50 Shades of Consent

Christian Grey fans, eagerly awaiting February’s release of the second film in the series, Fifty Shades Darker, are going nuts over the new trailer. Aside from the fact that the books were poorly written and many reviews of the first film have indicated the actors have about as much chemistry as two floor lamps, the story brings up numerous issues pertaining to abuse, sexual assault, and consent. I have no issue with kinky bedroom activities, nor with erotic literature. I take issue not with the content of the story but the response to it. Millions of women see a wealthy, handsome sex god that leaves them a quivering mess. I see a manipulative, coercive, rapist. If a woman enjoys story about control or extreme submission, that’s her business. I’m only disturbed by the fact that so few women notice these elements are even present in the relationship between Christian Grey and Ana Steele. Christian is actually kind of awful. In real life we’d get a restraining order and stay away from him.

I have been told by 50 Shades fans that I’m way off base. Eventually, Ana “breaks” Christian so to speak, of his need to dominate, control, and beat her. You can’t fix a rapist like he’s a puppy that needs potty trained. What happens in book 2 & 3 is irrelevant. In the first he’s a controlling, abusive jerk who preys on a young, naive, sexually inexperienced girl who does not know what it means to consent and apparently can’t identify assault, either. That isn’t the kind of man to be admired. If someone is truly in a BDSM lifestyle, they don’t need to be “fixed” because there is nothing wrong with them in the first place. But BDSM shouldn’t involve confusion, fear, or begging someone not to hit you again (like Ana does). It SHOULD involve mutual trust and communication, where all parties understand what is going to happen, and what is expected of one another. I don’t see that in this story.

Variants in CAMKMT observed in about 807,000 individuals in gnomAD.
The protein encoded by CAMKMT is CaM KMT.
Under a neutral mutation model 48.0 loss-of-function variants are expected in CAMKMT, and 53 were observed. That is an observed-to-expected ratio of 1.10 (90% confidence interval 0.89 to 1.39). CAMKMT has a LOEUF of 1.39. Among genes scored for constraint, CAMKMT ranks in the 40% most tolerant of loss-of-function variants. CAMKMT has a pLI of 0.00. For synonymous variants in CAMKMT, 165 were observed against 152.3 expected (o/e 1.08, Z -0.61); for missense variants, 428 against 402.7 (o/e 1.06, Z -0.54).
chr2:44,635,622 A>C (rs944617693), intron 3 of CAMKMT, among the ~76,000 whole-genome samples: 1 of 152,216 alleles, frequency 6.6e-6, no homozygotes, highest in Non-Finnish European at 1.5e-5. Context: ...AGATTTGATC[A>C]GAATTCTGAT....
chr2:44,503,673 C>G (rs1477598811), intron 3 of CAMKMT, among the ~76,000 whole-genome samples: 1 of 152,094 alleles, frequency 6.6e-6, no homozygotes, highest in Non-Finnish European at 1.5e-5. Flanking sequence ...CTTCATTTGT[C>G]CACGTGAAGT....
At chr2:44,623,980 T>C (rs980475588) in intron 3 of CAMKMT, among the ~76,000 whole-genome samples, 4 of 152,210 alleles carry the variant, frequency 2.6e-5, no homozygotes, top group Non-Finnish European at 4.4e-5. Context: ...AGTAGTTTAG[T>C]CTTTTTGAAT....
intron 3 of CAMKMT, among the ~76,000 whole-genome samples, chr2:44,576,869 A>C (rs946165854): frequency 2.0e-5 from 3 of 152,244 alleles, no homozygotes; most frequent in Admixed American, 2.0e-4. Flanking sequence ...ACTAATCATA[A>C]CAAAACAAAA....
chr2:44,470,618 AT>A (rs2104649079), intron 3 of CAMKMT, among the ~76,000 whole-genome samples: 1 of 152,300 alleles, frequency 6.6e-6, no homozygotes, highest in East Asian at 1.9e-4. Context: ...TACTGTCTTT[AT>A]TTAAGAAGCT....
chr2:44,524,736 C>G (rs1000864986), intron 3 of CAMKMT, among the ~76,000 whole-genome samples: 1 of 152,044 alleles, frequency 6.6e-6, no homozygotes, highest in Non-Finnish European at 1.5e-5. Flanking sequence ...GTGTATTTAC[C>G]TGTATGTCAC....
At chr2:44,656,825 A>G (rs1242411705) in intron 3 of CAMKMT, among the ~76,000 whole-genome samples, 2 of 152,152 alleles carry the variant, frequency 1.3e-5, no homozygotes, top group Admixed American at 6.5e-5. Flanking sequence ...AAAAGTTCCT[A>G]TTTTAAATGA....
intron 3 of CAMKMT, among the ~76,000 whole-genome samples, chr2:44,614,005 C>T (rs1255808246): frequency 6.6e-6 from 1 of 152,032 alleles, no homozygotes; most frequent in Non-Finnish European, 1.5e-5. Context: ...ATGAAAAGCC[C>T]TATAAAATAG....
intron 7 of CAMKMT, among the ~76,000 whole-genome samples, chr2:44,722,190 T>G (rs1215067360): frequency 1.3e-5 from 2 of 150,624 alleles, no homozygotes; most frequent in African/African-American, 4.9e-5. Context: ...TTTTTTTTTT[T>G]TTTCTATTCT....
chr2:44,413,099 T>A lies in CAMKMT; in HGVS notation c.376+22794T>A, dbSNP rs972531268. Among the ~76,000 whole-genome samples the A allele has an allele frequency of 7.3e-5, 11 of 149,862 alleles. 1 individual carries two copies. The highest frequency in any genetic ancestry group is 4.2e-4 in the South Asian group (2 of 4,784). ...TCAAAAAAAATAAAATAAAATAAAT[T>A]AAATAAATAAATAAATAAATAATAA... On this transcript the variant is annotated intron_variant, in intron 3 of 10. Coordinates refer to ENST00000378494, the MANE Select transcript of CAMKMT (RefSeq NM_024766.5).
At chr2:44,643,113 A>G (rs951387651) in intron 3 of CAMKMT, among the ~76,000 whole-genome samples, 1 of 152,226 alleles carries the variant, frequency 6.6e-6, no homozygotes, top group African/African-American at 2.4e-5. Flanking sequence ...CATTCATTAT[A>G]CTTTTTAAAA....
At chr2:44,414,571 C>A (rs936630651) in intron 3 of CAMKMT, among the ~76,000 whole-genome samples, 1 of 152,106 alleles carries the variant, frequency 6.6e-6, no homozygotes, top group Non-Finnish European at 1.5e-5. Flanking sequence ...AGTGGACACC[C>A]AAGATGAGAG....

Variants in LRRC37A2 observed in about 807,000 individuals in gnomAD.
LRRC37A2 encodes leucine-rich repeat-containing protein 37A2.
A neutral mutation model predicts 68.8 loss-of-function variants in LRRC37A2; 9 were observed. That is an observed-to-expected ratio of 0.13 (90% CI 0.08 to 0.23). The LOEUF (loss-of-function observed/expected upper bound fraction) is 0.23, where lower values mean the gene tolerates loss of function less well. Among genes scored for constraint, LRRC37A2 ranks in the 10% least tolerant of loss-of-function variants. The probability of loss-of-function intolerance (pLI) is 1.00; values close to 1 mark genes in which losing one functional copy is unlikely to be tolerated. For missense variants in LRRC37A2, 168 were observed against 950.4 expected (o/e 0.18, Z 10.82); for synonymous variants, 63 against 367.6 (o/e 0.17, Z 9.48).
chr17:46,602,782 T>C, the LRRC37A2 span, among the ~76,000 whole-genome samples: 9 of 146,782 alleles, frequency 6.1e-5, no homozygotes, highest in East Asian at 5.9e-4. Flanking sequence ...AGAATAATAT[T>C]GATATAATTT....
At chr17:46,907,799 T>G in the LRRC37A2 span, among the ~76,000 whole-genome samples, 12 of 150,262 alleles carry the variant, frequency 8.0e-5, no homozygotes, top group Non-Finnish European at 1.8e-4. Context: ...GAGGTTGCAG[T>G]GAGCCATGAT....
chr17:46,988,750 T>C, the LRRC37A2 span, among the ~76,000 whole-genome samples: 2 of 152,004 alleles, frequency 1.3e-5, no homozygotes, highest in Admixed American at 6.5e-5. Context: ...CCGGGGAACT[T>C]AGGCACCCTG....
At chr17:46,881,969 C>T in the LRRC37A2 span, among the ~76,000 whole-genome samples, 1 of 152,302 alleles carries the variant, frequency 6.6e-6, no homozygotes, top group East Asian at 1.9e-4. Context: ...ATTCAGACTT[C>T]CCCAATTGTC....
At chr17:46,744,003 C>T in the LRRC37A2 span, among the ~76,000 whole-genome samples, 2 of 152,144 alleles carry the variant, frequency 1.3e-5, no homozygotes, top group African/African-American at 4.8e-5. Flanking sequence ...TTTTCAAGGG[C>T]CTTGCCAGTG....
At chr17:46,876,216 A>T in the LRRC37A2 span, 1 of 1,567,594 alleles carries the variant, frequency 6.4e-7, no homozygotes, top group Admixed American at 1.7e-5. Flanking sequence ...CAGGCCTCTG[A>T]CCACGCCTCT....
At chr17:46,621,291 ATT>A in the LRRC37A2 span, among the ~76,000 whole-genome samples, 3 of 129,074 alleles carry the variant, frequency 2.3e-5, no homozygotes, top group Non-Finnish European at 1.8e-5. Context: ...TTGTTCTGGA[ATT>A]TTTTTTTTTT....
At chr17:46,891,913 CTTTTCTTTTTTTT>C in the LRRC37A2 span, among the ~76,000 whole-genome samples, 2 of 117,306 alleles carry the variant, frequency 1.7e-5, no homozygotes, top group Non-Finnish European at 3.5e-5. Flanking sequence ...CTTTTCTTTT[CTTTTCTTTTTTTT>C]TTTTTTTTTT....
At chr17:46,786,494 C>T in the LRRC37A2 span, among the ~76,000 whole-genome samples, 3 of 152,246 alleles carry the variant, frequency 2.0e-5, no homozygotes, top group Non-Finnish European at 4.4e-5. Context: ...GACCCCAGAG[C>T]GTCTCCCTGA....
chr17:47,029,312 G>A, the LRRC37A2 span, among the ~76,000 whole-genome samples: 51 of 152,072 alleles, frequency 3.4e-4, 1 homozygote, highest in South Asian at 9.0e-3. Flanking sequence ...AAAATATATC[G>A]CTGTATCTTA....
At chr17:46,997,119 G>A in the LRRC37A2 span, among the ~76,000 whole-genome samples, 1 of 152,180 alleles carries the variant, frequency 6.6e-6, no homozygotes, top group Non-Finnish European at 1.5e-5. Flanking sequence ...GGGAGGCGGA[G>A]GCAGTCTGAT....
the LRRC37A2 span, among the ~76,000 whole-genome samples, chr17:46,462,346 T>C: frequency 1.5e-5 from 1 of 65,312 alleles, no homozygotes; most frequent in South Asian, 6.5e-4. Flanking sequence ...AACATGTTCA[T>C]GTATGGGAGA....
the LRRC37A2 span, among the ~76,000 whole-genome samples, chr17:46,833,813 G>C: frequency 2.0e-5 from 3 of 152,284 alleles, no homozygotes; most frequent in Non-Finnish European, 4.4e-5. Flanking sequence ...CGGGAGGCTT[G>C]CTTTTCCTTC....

It has been argued that Ana does consent because she stays in the relationship and she doesn’t say “no”. Now we’re blaming the victim. Consent goes far beyond “no means no”.  If you are coerced, that is not consent. If you are too afraid to say no, that is not consent. Ana is all of the above. It appears to me than even adults are a little fuzzy on consent. I understand that in fantasy, consent is trivial, but let’s not pretend we can’t see when it’s violated.

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